“The Green family’s religious beliefs forbid them from participating in, providing access to, paying for, training others to engage in, or otherwise supporting abortion-causing drugs and devices….The administrative rule at issue in this case runs roughshod over the Green family’s religious beliefs, and the beliefs of millions of other Americans, by forcing them to provide health insurance coverage for abortion-inducing drugs and devices, as well as related education and counseling.”

The lawsuit specifically claims that Plan B, Ella, and IUDs “can prevent the implantation of a human embryo in the wall of the uterus, which constitutes an abortion,” despite scientific studies saying that the medications inhibit ovulation instead, and despite the fact that a pregnancy is not established unless and until an embryo successfuly implants in the lining of the uterus.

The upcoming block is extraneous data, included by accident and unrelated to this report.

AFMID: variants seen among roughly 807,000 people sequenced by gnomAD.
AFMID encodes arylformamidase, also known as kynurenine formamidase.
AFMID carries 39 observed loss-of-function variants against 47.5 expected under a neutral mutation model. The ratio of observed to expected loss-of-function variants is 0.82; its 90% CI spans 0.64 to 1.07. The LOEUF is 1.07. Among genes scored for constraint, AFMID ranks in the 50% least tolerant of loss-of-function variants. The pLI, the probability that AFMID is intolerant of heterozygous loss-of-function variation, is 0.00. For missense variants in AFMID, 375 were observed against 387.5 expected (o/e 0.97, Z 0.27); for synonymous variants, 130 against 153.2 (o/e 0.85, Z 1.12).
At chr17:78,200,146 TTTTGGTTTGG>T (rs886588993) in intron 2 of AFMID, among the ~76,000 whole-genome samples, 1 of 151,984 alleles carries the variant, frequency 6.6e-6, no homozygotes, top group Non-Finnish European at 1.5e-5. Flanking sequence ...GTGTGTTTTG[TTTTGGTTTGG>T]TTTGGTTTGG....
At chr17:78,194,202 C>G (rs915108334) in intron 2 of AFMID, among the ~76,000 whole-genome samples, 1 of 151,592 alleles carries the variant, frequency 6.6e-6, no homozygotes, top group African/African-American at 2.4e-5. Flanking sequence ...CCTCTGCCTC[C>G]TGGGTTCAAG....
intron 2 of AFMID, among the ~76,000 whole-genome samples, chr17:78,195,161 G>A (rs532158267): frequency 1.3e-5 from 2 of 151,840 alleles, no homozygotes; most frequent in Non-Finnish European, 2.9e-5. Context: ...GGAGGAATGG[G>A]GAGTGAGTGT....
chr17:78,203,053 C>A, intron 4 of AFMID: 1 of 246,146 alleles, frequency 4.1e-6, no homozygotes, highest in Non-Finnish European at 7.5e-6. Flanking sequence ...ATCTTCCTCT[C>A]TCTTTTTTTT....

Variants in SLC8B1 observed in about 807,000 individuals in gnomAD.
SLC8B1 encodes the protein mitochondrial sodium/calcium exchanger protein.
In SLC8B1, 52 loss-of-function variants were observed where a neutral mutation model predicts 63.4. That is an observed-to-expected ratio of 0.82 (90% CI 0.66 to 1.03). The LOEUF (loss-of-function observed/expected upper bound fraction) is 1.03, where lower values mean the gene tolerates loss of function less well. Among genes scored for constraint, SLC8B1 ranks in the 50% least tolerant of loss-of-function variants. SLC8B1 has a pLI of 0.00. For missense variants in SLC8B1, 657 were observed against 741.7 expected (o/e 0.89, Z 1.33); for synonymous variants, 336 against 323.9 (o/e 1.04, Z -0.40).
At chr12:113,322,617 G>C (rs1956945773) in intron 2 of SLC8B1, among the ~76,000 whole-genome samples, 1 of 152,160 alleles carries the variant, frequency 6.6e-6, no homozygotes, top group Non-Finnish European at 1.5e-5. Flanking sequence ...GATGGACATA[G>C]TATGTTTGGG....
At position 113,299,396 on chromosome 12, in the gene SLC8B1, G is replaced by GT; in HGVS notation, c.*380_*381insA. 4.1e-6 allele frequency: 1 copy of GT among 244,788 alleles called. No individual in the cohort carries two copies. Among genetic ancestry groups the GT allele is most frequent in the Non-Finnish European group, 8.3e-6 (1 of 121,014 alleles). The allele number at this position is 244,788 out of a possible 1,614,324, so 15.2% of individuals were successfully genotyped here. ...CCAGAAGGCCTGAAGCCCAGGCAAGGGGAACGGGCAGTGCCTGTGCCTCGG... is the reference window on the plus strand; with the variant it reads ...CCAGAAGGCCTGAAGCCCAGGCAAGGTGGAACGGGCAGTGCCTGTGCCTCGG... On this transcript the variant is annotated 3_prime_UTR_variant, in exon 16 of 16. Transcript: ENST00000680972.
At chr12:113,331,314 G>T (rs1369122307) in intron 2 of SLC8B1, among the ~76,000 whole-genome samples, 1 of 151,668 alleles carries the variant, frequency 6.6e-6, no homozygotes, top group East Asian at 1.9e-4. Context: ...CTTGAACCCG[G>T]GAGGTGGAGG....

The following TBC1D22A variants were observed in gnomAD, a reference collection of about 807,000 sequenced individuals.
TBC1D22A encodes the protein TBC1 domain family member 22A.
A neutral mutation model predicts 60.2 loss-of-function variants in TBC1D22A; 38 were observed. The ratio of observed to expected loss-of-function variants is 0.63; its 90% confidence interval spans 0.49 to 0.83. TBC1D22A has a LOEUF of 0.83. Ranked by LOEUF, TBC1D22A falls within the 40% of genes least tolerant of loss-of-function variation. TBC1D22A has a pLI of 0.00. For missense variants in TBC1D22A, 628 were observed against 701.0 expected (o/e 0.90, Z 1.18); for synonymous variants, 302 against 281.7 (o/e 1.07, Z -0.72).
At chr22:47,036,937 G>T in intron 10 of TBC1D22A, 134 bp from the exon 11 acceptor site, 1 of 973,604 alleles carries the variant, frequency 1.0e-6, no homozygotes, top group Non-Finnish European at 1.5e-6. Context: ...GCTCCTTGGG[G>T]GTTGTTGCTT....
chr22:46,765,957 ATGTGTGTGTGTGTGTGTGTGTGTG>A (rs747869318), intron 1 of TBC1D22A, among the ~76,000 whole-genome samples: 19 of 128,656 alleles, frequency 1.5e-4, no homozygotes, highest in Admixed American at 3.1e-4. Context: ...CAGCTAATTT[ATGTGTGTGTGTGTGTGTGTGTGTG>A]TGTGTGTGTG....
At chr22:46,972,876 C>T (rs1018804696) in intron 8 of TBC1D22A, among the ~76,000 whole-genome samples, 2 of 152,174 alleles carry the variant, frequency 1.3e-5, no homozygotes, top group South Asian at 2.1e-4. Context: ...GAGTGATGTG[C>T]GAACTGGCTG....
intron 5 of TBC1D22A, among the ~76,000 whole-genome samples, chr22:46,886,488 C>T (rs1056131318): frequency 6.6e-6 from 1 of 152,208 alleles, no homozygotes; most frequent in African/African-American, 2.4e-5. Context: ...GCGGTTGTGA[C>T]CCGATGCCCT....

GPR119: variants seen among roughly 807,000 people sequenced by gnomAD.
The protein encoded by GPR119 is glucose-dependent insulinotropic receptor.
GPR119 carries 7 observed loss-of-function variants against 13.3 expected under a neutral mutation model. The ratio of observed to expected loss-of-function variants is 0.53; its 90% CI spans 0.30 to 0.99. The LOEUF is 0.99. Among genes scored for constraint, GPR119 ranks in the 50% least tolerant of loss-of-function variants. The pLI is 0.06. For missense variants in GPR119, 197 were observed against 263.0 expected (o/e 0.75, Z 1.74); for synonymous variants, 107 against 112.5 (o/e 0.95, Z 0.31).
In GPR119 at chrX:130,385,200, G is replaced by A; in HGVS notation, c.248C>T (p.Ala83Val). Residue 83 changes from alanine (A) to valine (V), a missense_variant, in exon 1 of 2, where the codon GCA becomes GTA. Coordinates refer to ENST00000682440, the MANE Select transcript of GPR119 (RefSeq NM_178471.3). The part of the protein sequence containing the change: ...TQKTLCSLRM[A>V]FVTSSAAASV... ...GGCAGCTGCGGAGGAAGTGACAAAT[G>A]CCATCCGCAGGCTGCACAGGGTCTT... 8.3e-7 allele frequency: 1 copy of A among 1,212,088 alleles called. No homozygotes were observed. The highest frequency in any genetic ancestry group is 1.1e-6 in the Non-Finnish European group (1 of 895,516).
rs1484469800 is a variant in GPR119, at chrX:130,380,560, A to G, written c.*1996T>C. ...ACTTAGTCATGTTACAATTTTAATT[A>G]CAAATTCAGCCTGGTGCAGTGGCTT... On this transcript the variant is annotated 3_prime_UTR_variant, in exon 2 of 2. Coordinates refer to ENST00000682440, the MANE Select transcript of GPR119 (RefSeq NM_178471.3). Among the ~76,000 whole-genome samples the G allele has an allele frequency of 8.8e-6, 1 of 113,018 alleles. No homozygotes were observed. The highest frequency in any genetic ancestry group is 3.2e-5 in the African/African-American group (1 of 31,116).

The company says that it pays 80 percent above the federal minimum wage, meaning an hourly employee would make approximately $13 an hour pre-tax. With a 40-hour work week, an employee would be earning roughly $520 a week, or $2100 a month before taxes. As many analyses have clearly shown, birth control is costly, especially for an hourly or low-wage worker and especially when factoring in related doctor’s visits and monthly recurring costs. Moreover, covering birth control is cost-effective: As with any prevention intervention, it is far less expensive to prevent an unwanted or unintended pregnancy through coverage of birth control. And finally, insurance policies that are part of a benefits package, just like retirement, vacation pay, or other elements of a benefits package are earned and therefore owned by the employee.